As much as we’d love to spend every second of the day outside, occasionally we need to step indoors (for example, to do our jobs). So we decided to create our line of Out-of-Doors Candles & Enamel Mug Candles, which are specifically scented to echo the outdoors even when you happen to be cooped up inside. And since we’re sure you have a lot of burning questions (sorry) about how we select our scents and what exactly we mean by “hand pouring,” we watched a vat of wax transform into dozens of delicious-smelling candles — and don’t worry, we made a video so you could watch it too.
How We Select Our Scents
Our goal with our candle collection was to capture our favorite scents from nature: We wanted our Surf scent to smell like casting off the coast and our Tioga Woods candle to make you feel like you’re hiking in a cedar-filled forest. Yes, it may be tough to sniff fragrances until you find one that smells *exactly* like freshly chopped lumber, but somebody’s gotta do it.
What Goes Into Each Candle
Our candles are hand poured in our hometown of Philadelphia using American-made materials, including soy wax, cotton wicks, and recycled paper packaging. We opted for soy wax since it’s biodegradable and burns clean — a plus if you’re prone to allergies.
How Hand Pouring Works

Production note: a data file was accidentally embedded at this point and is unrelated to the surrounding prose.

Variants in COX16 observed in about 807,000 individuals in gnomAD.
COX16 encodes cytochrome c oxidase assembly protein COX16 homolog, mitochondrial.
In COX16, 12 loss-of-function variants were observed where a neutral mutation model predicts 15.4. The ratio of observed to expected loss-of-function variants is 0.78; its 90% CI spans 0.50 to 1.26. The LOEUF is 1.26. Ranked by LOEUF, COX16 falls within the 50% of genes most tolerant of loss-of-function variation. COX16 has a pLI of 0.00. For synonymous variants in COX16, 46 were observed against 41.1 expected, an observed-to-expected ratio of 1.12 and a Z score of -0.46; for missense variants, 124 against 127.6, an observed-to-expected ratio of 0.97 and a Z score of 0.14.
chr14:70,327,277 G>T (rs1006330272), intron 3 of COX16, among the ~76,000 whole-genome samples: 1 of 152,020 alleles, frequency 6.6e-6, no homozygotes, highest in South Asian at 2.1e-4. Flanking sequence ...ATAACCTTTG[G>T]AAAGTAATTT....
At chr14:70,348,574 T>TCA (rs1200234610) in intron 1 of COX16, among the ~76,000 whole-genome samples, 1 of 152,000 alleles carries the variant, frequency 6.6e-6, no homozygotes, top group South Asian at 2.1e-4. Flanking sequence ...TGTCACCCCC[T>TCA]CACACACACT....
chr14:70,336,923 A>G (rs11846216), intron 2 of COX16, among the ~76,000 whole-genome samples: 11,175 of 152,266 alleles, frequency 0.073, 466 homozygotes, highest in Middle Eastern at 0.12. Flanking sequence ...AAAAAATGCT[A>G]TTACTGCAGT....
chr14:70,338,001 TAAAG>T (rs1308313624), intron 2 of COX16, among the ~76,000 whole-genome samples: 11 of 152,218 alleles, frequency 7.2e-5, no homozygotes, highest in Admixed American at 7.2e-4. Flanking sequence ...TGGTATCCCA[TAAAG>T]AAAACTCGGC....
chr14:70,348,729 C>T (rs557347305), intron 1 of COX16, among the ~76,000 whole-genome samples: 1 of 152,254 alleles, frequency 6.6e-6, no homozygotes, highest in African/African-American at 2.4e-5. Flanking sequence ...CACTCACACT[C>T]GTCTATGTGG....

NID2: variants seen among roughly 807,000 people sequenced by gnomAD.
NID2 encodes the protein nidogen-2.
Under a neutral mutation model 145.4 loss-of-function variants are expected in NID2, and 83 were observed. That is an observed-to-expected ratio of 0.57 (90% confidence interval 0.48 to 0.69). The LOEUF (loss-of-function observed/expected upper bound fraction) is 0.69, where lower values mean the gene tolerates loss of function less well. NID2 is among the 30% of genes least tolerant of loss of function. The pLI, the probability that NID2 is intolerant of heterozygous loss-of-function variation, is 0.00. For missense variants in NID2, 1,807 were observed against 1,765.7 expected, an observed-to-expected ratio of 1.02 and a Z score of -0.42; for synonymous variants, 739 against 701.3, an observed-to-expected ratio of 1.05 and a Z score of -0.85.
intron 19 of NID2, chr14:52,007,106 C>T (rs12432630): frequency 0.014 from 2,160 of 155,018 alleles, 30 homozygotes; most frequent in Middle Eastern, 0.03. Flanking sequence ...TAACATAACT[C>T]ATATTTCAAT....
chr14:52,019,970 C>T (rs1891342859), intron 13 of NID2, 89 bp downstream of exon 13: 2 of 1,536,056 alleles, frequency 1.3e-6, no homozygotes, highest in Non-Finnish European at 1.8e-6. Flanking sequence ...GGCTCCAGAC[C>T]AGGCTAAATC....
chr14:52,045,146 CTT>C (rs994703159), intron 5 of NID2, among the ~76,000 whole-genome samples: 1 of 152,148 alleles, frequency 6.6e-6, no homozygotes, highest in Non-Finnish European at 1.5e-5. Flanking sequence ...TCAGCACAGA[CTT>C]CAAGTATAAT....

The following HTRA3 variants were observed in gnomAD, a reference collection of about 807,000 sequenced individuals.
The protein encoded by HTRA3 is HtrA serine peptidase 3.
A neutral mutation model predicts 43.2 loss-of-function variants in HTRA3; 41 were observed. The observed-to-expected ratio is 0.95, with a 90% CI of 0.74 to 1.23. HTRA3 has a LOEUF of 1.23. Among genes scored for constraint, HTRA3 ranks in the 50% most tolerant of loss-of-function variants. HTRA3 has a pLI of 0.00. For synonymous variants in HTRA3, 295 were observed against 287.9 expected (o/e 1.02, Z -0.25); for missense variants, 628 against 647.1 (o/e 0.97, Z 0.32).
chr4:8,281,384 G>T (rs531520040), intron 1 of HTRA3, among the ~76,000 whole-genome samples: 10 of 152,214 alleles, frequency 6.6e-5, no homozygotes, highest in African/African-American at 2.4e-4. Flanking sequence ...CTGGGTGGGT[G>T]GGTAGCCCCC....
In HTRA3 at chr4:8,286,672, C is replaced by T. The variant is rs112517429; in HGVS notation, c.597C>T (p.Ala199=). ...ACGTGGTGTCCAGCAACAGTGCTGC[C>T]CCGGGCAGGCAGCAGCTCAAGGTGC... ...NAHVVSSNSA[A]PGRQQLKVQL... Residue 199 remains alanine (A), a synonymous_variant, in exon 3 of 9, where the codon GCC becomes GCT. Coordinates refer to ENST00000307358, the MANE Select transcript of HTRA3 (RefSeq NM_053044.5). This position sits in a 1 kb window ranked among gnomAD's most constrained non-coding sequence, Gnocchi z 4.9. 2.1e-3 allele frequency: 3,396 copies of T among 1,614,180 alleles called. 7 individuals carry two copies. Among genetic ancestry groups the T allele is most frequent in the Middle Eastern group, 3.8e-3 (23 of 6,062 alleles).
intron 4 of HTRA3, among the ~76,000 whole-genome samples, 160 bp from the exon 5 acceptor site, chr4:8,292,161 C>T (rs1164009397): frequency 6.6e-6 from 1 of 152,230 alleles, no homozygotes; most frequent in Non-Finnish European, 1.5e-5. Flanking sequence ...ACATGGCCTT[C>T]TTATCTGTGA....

Hand pouring is strangely soothing to watch, sort of like watching a scientist or a skilled chef at work. Once we got past the fact that the metal clips that hold cotton wicks in place are called bow ties just because they look like bow ties, we couldn’t help but be impressed by the precision that went into each step. (The exact temperatures the wax is held at, the mental counting that goes into each even pour, the fact that each label is signed by hand.) Check out the video below to see each step — we’re only sorry we couldn’t capture the intoxicating smell of freshly scented soy wax.
How to Recycle Your Candle
We used to be bummed when our candles burned through, then we realized we could re-use the containers to store stuff at our desk and re-fill with snacks. (We also decided to make enamel mug candles so we could use ‘em for coffee later.) Here’s how to clean out the wax so you can reuse or recycle your glass container or enamel mug:
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